Samsung Electronics Vice Chairman Lee Jae-yong talks with employees at the company’s chipmaking complex in Hwaseong, Gyeonggi Province, Friday. (Samsung Electronics)
Samsung Electronics‘ de facto leader Lee Jae-yong’s visit to the groundbreaking ceremony of its 20-trillion-won ($14.97 billion) research and development center in the southern suburb of Seoul signals a spending boost as part of its “supergap strategy.”
Lee told some 100 staff and executives at the ceremony held at Giheung Campus -- the birthplace of Samsung‘s semiconductor business four decades ago -- that Samsung employees should “maintain its tradition of investing in the future,” calling for aggressive investment in new technologies.
The event, aimed at celebrating the construction of a new 109,000 square-meter R&D facility over the next six years, also included a lunch event attended by Lee with Samsung employees at a cafeteria at the Giheung location, as well as a discussion forum with employees at the neighboring Hwaseong Campus. These are among Samsung’s chip fab locations along with Pyeongtaek, Gyeonggi Province.
Friday’s event marked Lee‘s first public appearance since the 54-year-old business magnate was granted a pardon by President Yoon Suk-yeol earlier this week, which lifted any restrictions imposed on Lee’s leadership for the past few years.
The eye-popping spending plan by the South Korean tech giant is aimed at strengthening its next-generation technologies for memory solutions, processors and contract chip manufacturing, Samsung said in a statement.
Lee‘s activity highlights the tech giant’s need to increase spending based on a long-term blueprint.
Samsung Electronics‘ second-quarter financial statement showed that the spending allocated to R&D as a percentage of sales has shrunk.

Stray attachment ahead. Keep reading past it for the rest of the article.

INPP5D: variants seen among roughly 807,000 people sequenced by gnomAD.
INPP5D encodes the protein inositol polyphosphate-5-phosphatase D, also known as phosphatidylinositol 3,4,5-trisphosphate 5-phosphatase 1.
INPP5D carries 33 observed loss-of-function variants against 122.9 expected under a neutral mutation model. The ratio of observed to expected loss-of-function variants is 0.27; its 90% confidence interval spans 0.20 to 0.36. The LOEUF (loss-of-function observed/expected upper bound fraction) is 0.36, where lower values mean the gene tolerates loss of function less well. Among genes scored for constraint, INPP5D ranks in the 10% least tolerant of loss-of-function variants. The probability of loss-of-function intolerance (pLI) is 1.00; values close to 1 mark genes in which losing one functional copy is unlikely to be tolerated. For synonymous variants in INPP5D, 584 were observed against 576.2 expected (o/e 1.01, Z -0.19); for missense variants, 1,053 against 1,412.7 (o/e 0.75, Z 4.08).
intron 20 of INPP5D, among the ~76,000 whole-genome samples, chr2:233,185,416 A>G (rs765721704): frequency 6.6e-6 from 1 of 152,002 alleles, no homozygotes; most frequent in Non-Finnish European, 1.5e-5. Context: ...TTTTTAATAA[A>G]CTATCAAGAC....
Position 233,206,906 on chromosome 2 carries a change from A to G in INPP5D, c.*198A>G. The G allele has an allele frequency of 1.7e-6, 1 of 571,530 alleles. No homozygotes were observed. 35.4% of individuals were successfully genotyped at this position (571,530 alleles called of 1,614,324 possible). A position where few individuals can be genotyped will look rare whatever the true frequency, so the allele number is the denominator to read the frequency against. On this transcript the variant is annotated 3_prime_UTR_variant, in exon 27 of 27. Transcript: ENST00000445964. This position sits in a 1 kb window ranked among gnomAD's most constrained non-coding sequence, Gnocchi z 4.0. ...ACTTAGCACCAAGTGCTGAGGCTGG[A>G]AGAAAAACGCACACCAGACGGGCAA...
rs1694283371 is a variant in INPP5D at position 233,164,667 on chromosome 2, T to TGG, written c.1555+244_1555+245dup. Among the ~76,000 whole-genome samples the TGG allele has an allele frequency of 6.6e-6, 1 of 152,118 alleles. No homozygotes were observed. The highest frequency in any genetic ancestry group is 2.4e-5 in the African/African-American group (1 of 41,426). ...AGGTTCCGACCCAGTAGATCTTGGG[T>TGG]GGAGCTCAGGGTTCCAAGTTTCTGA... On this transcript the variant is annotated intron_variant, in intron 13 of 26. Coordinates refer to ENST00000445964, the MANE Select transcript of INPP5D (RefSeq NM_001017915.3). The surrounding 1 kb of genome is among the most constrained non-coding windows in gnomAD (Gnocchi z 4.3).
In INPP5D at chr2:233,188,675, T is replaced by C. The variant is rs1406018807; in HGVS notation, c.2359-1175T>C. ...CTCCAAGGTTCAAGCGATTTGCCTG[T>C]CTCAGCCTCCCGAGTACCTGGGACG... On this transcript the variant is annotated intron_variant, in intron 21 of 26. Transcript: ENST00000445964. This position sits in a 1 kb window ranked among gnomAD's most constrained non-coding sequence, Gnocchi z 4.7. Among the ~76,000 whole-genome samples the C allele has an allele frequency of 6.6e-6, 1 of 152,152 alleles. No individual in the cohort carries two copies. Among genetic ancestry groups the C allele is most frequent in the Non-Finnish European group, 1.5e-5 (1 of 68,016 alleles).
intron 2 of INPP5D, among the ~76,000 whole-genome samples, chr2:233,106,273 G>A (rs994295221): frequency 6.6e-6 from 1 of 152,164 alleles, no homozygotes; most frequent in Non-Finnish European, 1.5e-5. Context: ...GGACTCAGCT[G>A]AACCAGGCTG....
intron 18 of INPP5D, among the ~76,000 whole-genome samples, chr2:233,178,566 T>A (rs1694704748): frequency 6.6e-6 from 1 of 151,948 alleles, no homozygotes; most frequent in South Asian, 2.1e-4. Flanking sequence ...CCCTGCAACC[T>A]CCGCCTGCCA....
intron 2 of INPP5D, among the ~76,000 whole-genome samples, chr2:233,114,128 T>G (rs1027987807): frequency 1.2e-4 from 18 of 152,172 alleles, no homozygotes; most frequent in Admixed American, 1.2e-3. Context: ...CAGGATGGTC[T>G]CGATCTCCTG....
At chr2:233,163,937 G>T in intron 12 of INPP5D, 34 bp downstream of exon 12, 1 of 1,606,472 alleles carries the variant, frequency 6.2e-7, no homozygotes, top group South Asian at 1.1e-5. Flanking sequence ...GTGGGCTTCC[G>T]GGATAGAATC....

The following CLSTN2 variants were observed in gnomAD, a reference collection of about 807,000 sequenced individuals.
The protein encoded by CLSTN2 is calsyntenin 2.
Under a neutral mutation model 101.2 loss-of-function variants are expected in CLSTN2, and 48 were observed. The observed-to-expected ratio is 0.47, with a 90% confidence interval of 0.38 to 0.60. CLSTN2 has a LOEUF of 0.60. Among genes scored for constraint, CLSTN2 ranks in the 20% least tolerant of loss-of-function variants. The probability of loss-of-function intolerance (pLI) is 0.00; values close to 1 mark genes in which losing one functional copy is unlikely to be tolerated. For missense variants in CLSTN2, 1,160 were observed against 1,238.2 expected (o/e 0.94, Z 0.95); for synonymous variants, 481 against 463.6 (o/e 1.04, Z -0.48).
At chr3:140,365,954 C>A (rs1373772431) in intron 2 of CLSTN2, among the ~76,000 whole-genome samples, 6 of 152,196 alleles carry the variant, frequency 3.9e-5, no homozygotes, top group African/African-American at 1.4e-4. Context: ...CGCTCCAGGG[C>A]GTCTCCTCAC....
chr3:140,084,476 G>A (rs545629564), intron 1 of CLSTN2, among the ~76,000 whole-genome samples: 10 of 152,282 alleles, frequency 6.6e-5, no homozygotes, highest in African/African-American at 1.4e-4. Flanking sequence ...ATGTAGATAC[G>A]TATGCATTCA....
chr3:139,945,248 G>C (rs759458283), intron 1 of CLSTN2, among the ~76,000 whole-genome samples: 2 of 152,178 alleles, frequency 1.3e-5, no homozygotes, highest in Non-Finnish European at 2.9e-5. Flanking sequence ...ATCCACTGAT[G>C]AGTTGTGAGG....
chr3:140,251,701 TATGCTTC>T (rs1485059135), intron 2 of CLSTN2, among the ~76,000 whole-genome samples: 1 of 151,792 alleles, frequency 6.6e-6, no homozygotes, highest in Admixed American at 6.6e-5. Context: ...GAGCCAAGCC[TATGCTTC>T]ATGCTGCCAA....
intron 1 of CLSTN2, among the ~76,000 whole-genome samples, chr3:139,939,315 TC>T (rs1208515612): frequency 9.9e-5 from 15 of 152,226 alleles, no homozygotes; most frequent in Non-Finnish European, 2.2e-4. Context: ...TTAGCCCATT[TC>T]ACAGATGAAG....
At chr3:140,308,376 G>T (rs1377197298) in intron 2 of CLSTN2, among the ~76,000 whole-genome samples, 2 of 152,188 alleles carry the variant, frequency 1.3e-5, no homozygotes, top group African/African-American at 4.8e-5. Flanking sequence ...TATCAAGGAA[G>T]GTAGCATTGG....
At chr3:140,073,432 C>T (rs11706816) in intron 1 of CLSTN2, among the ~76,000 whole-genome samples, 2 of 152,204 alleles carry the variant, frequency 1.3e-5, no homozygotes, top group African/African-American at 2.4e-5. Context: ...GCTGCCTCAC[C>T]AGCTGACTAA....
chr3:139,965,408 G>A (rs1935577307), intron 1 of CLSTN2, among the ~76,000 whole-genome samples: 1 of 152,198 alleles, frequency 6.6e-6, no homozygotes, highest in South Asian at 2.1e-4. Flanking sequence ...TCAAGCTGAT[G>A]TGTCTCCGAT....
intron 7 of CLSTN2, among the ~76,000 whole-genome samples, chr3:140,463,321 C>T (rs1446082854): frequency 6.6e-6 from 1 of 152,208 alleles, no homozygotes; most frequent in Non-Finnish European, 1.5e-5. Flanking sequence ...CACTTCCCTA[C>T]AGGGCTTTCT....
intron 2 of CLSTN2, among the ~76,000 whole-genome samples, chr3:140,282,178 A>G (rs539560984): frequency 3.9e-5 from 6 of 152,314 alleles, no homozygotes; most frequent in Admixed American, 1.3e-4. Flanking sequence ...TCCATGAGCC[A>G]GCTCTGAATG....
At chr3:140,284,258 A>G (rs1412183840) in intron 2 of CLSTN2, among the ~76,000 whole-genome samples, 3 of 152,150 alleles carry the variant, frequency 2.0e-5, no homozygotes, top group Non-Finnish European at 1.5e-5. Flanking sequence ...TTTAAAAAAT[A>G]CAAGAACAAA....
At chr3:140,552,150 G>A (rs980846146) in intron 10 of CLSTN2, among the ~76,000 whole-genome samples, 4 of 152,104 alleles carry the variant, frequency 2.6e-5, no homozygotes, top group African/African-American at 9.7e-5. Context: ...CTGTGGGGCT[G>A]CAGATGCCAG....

Samsung Electronics’ R&D expense-to-revenue spending came to 7.9 percent in the first half of this year, down by 0.6 percentage point from the previous year, although the company‘s spending on R&D rose 10 percent to 12.18 trillion won during the cited period.
Also, its investment in facilities has shrunk by 13.5 percent to 21.7 trillion won in the first half compared with the previous year. This starkly contrasted with domestic memory chip rival SK hynix, which logged a 10.4 trillion-won facility investment from January to June, up nearly 40 percent on-year.
Samsung Electronics was at the bottom of the table for facility spending out of the top 500 Korean companies in relation to revenue, according to data compiled by market tracker CEO Score.
Moreover, Samsung has remained relatively silent on strategic acquisitions since confirming an $8 billion deal to take over automotive digital cockpit maker Harman International. Harman currently holds about 25 percent of the market share in the global digital cockpit industry.
Analysts noted that Lee’s imminent return to management will spur investment and encourage faster decision-making by the tech juggernaut.
“We expect Samsung to ramp up market dominance through its investment in futuristic chip manufacturing to maintain a ‘supergap’ with chip competitors in the field of DRAM, NAND and foundry services,” noted Kim Dong-won, an analyst of KB Securities.
“Professional managers in Samsung‘s affiliates have played a limited role in setting up long-term groupwide strategic planning and in making large-scale mergers and acquisitions decisions. However, Lee’s return to management is expected to speed up the decision-making process for key strategic choices as Lee can discuss matters with professional managers and task force leaders.”
Over the past couple of years, Samsung‘s focus on chip research has given birth to a new suite of memory technologies, especially for internet servers. These include memory modules applicable with the Compute eXpress Link interface, double data rate 5-standard memory, and the use of extreme ultraviolet lithography solutions to ship 14-nanometer DDR5 DRAM products.
The volume of cash held by Samsung Electronics came to 111.1 trillion won as of end-June.